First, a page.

CAMBRIDGE, Mass., June 18 (UPI) — A NASA spacecraft has discovered hundreds of planets circling stars beyond our solar system, possibly doubling the number of known “exoplanets,” a study says.
The Kepler spacecraft has made preliminary observations, announced Wednesday, of 706 candidate planets around distant stars, Science News magazine reported.
If confirmed, it will increase the number of known exoplanets, estimated at about 460, to more than a thousand, the magazine said.
The discoveries were made by analyzing data from the orbiting Kepler telescope recorded in the spring of 2009 when it examined 156,000 stars.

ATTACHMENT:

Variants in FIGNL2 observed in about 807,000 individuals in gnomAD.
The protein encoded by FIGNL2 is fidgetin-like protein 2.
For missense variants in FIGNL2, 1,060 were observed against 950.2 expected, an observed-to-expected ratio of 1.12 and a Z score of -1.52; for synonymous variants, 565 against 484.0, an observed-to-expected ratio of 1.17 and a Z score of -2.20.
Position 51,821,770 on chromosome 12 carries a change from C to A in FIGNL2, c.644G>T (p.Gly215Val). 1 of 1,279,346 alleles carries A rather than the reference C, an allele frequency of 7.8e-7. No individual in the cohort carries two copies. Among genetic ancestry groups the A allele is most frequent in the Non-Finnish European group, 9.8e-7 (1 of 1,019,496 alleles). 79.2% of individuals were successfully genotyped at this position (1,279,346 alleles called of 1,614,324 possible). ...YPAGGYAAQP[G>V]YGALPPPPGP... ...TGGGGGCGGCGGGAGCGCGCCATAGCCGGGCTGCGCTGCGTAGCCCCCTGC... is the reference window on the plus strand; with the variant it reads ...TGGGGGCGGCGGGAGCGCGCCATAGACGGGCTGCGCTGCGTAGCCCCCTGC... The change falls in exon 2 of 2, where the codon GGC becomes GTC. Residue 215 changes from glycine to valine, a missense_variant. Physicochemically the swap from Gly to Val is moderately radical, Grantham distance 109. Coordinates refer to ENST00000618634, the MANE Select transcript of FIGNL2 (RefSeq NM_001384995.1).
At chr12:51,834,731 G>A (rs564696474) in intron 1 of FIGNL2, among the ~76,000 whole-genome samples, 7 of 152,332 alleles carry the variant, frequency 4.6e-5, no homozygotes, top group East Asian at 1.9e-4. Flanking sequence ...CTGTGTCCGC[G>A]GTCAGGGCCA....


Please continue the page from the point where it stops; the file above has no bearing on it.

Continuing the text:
“This is a massively historic discovery,” study co-author Sara
Seager of MIT said. “This is showing how the Kepler mission will revolutionize exoplanets and change the way we do exoplanet science.”
Scientists say about 400 of the 706 candidate planets offer the best chance of finding exoplanets with masses close to that of the Earth.
Scientist will use ground-based telescopes in an effort to confirm some of the planets’ masses.
“We’re using the Keck telescope (on Hawaii’s Mauna Kea) 20 nights
per year just to follow up the Kepler planets,” veteran planet hunter and study co-author Geoffrey Marcy of the University of California, Berkeley, said.
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